Incoterms are standard definitions of terms used in international commerce, developed by the International Chamber of Commerce (ICC). These can be ordered in 31 languages from the ICC. A revision of the terms is currently underway and expected to be in force by the beginning of 2011.
A list of the most common Incoterms follows:
CIF: Cost, Insurance and Freight (to a named port of destination)
Similar to CFR, however the exporter must also obtain and pay for the marine insurance against the buyer’s risk of loss or damage to the goods during carriage. The exporter is only required to obtain insurance for minimum coverage.
FOB: Free on Board (to a named port of shipment)
Under the ICC’s Incoterms, FOB is usually from the named port of loading and is for sea freight only. The buyer takes over the responsibility for insurance and other costs such as freight, etc., from the time the goods arrive on board the ship at the port of departure. Modern usage and the growth in e-commerce has seen FOB shipping point or FOB destination used more frequently. Some countries, notably North America, have a different meaning of FOB. Care should be taking to ensure all parties agree and understand the terms clearly.
DDP: Delivered Duty Paid (to named place of destination)
The exporter must complete all the paper work and pay all costs to get the goods delivered to the buyer’s destination. This term places the most responsibility on the exporter and the minimum responsibility on the buyer.
DDU: Delivered Duty Unpaid (to named place of destination)
The exporter accepts responsibility for delivery to a specific destination. The responsibility for payment of duties and taxes must be stipulated in the agreement.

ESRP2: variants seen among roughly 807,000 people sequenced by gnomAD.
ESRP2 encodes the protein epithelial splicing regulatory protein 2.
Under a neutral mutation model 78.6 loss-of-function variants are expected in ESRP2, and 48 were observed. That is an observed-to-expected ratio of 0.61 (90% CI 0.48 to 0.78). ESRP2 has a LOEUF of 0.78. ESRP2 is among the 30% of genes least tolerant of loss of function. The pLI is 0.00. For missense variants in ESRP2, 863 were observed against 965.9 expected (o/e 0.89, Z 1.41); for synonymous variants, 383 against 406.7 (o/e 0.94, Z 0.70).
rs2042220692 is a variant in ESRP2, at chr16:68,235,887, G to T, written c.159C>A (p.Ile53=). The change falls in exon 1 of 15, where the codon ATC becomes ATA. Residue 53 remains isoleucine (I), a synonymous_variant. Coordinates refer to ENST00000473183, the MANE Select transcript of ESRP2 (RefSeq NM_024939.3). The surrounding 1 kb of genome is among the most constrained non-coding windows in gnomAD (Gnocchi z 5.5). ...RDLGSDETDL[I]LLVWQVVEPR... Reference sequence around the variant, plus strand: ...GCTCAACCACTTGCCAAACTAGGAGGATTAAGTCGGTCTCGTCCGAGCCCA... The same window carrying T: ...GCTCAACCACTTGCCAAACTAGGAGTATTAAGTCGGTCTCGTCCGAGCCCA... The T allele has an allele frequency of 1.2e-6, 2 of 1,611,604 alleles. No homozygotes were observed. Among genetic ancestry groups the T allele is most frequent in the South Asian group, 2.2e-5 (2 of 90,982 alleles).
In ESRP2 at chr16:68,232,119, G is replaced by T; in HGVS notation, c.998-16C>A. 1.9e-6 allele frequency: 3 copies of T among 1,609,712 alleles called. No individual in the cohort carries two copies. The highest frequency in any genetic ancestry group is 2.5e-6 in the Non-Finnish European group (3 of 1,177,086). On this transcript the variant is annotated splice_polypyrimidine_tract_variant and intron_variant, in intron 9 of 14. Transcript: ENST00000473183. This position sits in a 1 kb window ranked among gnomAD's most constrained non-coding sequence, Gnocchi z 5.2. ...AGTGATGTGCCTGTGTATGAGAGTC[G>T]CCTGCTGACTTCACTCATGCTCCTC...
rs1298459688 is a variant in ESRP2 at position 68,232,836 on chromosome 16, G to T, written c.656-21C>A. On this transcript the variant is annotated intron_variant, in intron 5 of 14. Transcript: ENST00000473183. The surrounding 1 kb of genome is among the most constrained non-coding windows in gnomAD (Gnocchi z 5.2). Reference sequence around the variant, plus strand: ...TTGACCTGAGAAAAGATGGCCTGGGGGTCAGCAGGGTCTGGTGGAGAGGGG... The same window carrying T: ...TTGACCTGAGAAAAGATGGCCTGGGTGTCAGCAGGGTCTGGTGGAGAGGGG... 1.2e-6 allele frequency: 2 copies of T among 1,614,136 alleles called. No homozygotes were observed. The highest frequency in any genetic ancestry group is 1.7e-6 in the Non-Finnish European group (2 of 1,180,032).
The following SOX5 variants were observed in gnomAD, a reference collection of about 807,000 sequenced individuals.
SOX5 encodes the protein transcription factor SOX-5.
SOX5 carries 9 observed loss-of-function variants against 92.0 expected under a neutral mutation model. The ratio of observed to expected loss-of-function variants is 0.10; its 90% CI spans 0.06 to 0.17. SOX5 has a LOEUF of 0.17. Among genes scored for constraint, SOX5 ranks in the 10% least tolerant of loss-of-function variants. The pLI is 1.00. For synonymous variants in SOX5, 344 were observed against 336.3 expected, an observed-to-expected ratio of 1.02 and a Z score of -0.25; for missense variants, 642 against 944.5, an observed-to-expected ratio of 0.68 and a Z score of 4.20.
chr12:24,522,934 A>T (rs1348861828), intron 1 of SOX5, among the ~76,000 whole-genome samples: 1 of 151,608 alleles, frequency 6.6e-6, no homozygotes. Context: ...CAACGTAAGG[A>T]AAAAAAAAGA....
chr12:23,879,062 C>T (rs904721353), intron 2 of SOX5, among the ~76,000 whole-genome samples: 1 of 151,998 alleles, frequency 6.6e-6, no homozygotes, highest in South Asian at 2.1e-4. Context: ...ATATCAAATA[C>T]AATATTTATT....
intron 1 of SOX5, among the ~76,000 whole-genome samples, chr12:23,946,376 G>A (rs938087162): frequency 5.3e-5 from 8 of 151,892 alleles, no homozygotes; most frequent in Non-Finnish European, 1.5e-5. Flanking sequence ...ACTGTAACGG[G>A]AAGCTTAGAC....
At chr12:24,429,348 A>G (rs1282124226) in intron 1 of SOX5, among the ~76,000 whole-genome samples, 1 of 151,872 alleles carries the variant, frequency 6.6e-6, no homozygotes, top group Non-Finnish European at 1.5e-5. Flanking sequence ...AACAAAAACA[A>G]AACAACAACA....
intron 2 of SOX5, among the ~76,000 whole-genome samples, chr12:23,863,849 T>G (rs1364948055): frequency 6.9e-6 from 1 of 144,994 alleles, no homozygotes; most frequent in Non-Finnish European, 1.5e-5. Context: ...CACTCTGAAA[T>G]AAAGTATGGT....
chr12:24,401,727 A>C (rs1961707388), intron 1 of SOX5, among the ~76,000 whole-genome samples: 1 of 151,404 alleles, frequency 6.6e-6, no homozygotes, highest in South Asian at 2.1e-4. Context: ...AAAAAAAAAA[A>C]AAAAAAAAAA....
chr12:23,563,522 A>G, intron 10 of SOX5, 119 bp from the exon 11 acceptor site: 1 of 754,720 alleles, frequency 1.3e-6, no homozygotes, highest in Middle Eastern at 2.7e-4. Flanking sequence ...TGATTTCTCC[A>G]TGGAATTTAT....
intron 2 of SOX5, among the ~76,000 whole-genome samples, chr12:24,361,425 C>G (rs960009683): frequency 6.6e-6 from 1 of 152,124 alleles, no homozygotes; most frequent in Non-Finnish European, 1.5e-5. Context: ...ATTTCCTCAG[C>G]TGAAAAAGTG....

EXW: (Ex Works)
EXW places the most responsibility on the buyer. The buyer is responsible for organising the collection of the goods from the exporter’s premises. This means the exporter has no legal liability for anything that occurs to the goods after the buyer or a carrier has collected them from the factory or warehouse. This leaves the buyer responsible for ensuring that all the relevant paper work is completed prior to the goods leaving the country. The buyer is also responsible for organising transport to the port, and insurance between the exporter and the port.
CFR: Cost and Freight (to a named port of destination)
CFR is used for water transport and means that the quoted price includes the cost of the goods plus freight charges. The exporter must clear the goods for export and is responsible for all freight charges necessary to get the goods to the named port of destination. But it is the buyer’s responsibility to insure the goods from the time the goods arrive on board the ship at the port of departure.
CPT: Carriage Paid to (a named place of destination)
Under CPT the exporter must clear the goods for export and pay the freight cost to the buyer’s destination. However, the risk of loss or damage is the buyer’s, as well as any costs arising after the exporter has delivered the goods to the carrier.
CIP: Carriage and Insurance Paid to (a named place of destination)
Similar to CPT, but the exporter also has to purchase insurance against the risk of loss or damage to the goods during carriage.
DAF: Delivered at Frontier (to a named place)
Here the exporter must clear the goods for export and deliver them to the stipulated customs border. This could be the customs border of the originating country or any other border stipulated in the agreement.
DES: Delivered ex Ship (to named port of destination)
Used for sea transport only. The exporter must complete all the formalities up to the point where the ship arrives at its destination port. The buyer must take responsibility from this point and arrange to get the goods off the ship and through customs.
DEQ: Delivered ex Quay (Duty Paid) (to named port of destination)
DEQ is similar to DES, except the agreement includes unloading the goods off the ship, placing them for collection on the quay (port), and clearing them though customs. The documentation must state that duty has been paid.
FCA: Free Carrier (to a named point)
The exporter must clear the goods for export and then hand them over to a carrier named by the buyer. If the buyer asks the exporter to help contract a carrier, then the exporter is acting at the buyer’s risk.
FAS: Free Alongside Ship (to a named port of shipment)
This term is used only for water transport. The exporter is responsible for the goods until they are deposited alongside the ship. After this point the buyer is responsible for the risk. This term is not appropriate unless the buyer is prepared to be directly involved in carrying out the export formalities.